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Welcome to the Beginner's Guide to Kites
Image of kite
An excellent way for students to gain an understanding and a feel for many of the concepts that they learn in math and physics is to build and fly a kite. The forces on a kite are so similar to the forces on an airplane that the Wright brothers often flew their gliders as tethered kites to determine the aerodynamic characteristics. Like an airplane, a kite is heavier than air and relies on the motion of the wind past the kite to generate the aerodynamic lift necessary to overcome the weight of the kite. The movement of the air past the kite also generates aerodynamic drag which is overcome by constraining the kite with a control line. The interaction of these forces determines the overall performance which varies with the design of the kite.


At this Web site information is presented concerning the construction, design, and flight characteristics of several different kites.

This site was prepared at NASA Glenn by the Learning Technologies Project (LTP) (http://www.grc.nasa.gov/WWW/K-12) to provide background information on kites as teaching aids for math and science teachers. Some of the slides were prepared to support KiteModeler, an interactive educational computer program that allows students to design and test fly kites on a personal computer. Other slides were prepared to support LTP videoconferencing workshops (http://www.grc.nasa.gov/WWW/K-12/CoE/Coemain.html) for teachers and students. KiteModeler is currently available as a JAVA applet which runs in your browser. This program can also be downloaded to your machine.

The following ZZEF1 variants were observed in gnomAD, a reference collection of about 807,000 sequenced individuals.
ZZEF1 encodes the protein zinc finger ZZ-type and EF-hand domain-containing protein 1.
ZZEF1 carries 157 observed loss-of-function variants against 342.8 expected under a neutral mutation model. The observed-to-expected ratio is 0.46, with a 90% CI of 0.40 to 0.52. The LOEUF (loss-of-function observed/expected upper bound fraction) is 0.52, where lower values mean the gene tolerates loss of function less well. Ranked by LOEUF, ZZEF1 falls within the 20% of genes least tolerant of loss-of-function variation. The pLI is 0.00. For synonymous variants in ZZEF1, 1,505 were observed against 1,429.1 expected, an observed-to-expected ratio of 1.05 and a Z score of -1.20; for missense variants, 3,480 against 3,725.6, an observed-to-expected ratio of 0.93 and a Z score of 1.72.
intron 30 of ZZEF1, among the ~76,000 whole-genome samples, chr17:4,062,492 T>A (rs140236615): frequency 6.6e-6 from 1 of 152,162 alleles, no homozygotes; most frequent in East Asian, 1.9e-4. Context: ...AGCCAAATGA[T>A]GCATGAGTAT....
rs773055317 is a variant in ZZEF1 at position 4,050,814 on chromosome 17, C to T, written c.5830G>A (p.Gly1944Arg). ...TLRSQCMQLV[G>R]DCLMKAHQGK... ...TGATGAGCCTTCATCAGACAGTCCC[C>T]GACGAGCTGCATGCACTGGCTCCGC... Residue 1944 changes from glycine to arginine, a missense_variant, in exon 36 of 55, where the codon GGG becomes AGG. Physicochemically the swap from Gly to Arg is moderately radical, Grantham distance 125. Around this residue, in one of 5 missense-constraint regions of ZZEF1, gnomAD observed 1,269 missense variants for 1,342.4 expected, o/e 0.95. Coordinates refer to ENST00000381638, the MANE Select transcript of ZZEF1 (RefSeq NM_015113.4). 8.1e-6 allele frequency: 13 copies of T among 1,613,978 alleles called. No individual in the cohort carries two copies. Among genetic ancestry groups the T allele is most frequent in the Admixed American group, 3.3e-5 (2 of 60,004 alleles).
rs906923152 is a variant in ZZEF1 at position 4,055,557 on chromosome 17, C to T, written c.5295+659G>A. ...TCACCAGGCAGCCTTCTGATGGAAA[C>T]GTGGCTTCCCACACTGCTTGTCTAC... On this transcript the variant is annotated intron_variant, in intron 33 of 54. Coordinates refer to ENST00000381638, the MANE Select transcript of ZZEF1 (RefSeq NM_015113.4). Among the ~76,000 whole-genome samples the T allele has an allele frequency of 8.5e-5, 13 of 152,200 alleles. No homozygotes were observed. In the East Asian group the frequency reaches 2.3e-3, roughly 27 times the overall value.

This site has been intentionally organized to mirror the unstructured nature of the world wide web. There are many pages here connected to one another through hyperlinks and you can then navigate through the links based on your own interest and inquiry. There is also an index of topics that you can access from any page, so you are never more than two clicks away from any other Web page at this site. However, if you prefer a more structured approach, you can also take one of our Guided Tours through the site. Each tour provides a sequence of pages dealing with some aspect of aerodynamics.

NOTICE --- The site has been developed to support Section 508 of the Rehabilitation Act. Many of the pages contain mathematical equations which have been produced graphically and which are too long or complex to provide in an "ALT" tag. For these pages, we have retained the non-compliant graphic at the top of the page and have provided a compliant text version of the equations in the body of the page. In many cases, because of the use of Greek fonts in the graphics, the purely English text version of the equations is slightly different than the graphic version. The differences are noted in the text.


Activities:
Aerospace Activities and Lesson Plans

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Beginner's Guide Home Page
Beginner's Guide to Aerodynamics
Beginner's Guide to Compressible Aerodynamics
Beginner's Guide to Propulsion
Beginner's Guide to Model Rockets
Beginner's Guide to Wind Tunnels
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Editor: Tom Benson
NASA Official: Tom Benson
Last Updated: Jun 12 2014

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